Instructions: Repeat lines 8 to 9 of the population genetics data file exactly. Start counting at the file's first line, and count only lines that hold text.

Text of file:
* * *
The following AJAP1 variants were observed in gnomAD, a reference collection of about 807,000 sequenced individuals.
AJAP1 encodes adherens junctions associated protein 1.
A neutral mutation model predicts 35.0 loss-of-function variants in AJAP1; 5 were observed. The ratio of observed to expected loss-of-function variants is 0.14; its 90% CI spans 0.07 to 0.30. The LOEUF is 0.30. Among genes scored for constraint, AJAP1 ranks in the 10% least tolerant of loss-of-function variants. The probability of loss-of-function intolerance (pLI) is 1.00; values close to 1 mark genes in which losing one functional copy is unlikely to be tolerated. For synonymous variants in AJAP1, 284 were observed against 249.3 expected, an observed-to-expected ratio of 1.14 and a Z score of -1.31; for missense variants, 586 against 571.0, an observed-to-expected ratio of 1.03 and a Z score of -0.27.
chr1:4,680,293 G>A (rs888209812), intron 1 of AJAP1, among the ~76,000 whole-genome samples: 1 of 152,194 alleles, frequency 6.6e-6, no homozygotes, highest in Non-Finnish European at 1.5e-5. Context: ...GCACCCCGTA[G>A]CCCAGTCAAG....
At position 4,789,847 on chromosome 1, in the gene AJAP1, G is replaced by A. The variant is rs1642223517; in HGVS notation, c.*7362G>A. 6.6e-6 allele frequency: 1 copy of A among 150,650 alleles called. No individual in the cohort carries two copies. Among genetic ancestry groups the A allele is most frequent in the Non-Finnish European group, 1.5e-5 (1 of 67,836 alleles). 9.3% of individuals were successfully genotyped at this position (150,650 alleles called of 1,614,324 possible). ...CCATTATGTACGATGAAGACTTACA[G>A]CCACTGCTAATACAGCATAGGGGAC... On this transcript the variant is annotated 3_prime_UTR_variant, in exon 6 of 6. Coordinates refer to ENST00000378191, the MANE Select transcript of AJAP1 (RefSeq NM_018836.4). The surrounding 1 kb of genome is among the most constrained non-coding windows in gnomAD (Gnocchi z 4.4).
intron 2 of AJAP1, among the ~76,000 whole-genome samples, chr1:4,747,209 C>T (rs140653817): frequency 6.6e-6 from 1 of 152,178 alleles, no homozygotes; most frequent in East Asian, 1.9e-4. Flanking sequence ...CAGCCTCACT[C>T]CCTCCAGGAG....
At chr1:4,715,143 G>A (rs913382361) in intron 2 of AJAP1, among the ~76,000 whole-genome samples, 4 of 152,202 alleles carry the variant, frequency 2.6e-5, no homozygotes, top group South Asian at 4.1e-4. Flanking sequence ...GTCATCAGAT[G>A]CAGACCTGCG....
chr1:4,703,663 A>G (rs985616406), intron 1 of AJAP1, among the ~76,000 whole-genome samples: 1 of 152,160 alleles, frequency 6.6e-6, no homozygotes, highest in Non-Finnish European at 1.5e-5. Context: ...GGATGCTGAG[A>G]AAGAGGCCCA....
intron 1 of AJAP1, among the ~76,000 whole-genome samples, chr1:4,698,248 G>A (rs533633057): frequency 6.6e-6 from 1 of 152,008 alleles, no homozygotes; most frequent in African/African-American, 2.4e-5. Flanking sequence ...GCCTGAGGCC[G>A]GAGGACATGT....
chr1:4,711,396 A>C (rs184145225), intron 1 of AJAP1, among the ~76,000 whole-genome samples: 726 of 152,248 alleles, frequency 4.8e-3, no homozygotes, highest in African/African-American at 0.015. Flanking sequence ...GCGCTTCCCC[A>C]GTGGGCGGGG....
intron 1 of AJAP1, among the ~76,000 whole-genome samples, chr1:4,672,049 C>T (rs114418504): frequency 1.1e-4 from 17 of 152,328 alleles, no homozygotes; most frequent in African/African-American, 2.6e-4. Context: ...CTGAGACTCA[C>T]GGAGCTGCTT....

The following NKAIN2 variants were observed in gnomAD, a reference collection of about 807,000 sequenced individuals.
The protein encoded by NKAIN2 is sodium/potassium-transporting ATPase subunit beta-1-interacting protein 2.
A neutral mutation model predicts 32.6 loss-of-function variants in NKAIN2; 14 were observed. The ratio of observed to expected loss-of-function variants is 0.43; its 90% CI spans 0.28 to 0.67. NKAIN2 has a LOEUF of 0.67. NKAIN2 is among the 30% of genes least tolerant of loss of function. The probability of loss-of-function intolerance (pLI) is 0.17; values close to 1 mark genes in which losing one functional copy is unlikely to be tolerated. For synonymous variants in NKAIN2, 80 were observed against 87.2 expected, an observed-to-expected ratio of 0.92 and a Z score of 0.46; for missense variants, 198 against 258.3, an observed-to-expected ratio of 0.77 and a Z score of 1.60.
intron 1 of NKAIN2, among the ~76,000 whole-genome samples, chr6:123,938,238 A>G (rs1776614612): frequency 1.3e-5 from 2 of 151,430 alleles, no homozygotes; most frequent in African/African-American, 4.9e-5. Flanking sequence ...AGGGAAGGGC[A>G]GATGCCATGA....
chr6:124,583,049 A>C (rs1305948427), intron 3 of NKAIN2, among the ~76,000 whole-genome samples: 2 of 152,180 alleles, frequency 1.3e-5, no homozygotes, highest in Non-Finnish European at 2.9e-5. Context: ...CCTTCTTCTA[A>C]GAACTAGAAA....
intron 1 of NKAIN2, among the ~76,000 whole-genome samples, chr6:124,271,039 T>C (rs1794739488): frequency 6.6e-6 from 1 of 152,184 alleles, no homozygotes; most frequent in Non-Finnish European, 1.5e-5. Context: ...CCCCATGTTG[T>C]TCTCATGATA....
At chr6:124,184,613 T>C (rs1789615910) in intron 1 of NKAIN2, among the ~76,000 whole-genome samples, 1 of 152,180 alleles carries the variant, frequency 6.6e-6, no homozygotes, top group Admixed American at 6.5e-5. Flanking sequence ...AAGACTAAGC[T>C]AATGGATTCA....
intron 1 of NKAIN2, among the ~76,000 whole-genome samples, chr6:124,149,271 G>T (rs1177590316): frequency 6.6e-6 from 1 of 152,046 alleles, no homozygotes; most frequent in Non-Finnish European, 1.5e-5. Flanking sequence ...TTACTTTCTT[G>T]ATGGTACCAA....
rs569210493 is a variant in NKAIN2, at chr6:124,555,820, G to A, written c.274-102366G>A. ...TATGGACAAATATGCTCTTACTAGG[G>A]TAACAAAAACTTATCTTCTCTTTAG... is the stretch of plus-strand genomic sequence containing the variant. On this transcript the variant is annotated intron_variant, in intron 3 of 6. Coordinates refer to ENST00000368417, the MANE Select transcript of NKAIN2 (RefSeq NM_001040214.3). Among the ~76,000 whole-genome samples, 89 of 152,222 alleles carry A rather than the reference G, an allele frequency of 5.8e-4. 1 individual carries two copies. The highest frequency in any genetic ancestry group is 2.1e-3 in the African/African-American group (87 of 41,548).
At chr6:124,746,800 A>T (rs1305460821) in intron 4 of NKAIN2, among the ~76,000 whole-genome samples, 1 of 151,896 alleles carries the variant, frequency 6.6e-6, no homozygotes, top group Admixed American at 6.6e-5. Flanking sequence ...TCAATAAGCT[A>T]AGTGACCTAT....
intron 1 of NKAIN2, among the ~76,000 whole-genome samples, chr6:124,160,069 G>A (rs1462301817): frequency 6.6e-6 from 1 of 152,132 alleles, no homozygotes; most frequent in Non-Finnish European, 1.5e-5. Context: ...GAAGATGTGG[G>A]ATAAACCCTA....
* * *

chr1:4,703,663 A>G (rs985616406), intron 1 of AJAP1, among the ~76,000 whole-genome samples: 1 of 152,160 alleles, frequency 6.6e-6, no homozygotes, highest in Non-Finnish European at 1.5e-5. Context: ...GGATGCTGAG[A>G]AAGAGGCCCA....
intron 1 of AJAP1, among the ~76,000 whole-genome samples, chr1:4,698,248 G>A (rs533633057): frequency 6.6e-6 from 1 of 152,008 alleles, no homozygotes; most frequent in African/African-American, 2.4e-5. Flanking sequence ...GCCTGAGGCC[G>A]GAGGACATGT....